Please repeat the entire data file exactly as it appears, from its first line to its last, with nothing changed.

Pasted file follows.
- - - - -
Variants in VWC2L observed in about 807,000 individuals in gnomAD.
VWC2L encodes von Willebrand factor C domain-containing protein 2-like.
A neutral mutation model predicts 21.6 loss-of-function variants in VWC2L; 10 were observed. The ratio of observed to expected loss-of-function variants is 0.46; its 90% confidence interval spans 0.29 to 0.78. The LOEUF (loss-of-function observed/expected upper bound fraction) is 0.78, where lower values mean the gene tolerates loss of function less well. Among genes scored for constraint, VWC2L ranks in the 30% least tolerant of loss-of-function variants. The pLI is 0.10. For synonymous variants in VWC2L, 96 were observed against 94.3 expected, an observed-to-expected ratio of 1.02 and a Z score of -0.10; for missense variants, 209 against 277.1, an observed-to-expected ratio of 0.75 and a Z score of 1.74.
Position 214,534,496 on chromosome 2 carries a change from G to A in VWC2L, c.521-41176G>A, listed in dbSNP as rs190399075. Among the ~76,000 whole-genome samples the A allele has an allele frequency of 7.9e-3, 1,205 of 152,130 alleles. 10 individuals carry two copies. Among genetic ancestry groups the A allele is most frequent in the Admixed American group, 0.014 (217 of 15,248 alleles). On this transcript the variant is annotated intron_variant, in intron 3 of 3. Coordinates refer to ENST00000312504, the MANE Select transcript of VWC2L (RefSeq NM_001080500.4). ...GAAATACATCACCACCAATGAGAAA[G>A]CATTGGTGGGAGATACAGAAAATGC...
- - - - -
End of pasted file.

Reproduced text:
Variants in VWC2L observed in about 807,000 individuals in gnomAD.
VWC2L encodes von Willebrand factor C domain-containing protein 2-like.
A neutral mutation model predicts 21.6 loss-of-function variants in VWC2L; 10 were observed. The ratio of observed to expected loss-of-function variants is 0.46; its 90% confidence interval spans 0.29 to 0.78. The LOEUF (loss-of-function observed/expected upper bound fraction) is 0.78, where lower values mean the gene tolerates loss of function less well. Among genes scored for constraint, VWC2L ranks in the 30% least tolerant of loss-of-function variants. The pLI is 0.10. For synonymous variants in VWC2L, 96 were observed against 94.3 expected, an observed-to-expected ratio of 1.02 and a Z score of -0.10; for missense variants, 209 against 277.1, an observed-to-expected ratio of 0.75 and a Z score of 1.74.
Position 214,534,496 on chromosome 2 carries a change from G to A in VWC2L, c.521-41176G>A, listed in dbSNP as rs190399075. Among the ~76,000 whole-genome samples the A allele has an allele frequency of 7.9e-3, 1,205 of 152,130 alleles. 10 individuals carry two copies. Among genetic ancestry groups the A allele is most frequent in the Admixed American group, 0.014 (217 of 15,248 alleles). On this transcript the variant is annotated intron_variant, in intron 3 of 3. Coordinates refer to ENST00000312504, the MANE Select transcript of VWC2L (RefSeq NM_001080500.4). ...GAAATACATCACCACCAATGAGAAA[G>A]CATTGGTGGGAGATACAGAAAATGC...